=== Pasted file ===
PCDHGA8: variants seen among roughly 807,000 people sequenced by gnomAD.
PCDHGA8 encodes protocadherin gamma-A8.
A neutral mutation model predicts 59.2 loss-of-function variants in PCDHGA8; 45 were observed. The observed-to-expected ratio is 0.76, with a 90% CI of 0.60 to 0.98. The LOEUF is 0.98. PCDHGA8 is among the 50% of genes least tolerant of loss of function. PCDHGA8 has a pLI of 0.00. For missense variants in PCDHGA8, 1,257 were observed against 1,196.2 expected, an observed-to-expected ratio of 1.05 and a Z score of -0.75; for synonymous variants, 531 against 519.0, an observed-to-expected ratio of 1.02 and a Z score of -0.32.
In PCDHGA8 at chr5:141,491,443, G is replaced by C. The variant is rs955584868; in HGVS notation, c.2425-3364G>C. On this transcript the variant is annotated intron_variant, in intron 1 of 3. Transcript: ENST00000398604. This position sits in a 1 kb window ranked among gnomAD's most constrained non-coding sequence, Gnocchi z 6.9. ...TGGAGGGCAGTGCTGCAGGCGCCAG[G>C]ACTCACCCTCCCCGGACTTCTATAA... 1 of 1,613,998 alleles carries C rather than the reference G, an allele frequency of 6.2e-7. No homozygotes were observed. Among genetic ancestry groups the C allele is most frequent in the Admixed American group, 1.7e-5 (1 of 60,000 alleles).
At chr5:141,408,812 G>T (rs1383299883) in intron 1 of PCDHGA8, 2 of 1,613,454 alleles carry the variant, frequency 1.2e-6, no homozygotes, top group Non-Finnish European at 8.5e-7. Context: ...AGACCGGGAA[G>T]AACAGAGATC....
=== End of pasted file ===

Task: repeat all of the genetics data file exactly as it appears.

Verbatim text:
PCDHGA8: variants seen among roughly 807,000 people sequenced by gnomAD.
PCDHGA8 encodes protocadherin gamma-A8.
A neutral mutation model predicts 59.2 loss-of-function variants in PCDHGA8; 45 were observed. The observed-to-expected ratio is 0.76, with a 90% CI of 0.60 to 0.98. The LOEUF is 0.98. PCDHGA8 is among the 50% of genes least tolerant of loss of function. PCDHGA8 has a pLI of 0.00. For missense variants in PCDHGA8, 1,257 were observed against 1,196.2 expected, an observed-to-expected ratio of 1.05 and a Z score of -0.75; for synonymous variants, 531 against 519.0, an observed-to-expected ratio of 1.02 and a Z score of -0.32.
In PCDHGA8 at chr5:141,491,443, G is replaced by C. The variant is rs955584868; in HGVS notation, c.2425-3364G>C. On this transcript the variant is annotated intron_variant, in intron 1 of 3. Transcript: ENST00000398604. This position sits in a 1 kb window ranked among gnomAD's most constrained non-coding sequence, Gnocchi z 6.9. ...TGGAGGGCAGTGCTGCAGGCGCCAG[G>C]ACTCACCCTCCCCGGACTTCTATAA... 1 of 1,613,998 alleles carries C rather than the reference G, an allele frequency of 6.2e-7. No homozygotes were observed. Among genetic ancestry groups the C allele is most frequent in the Admixed American group, 1.7e-5 (1 of 60,000 alleles).
At chr5:141,408,812 G>T (rs1383299883) in intron 1 of PCDHGA8, 2 of 1,613,454 alleles carry the variant, frequency 1.2e-6, no homozygotes, top group Non-Finnish European at 8.5e-7. Context: ...AGACCGGGAA[G>T]AACAGAGATC....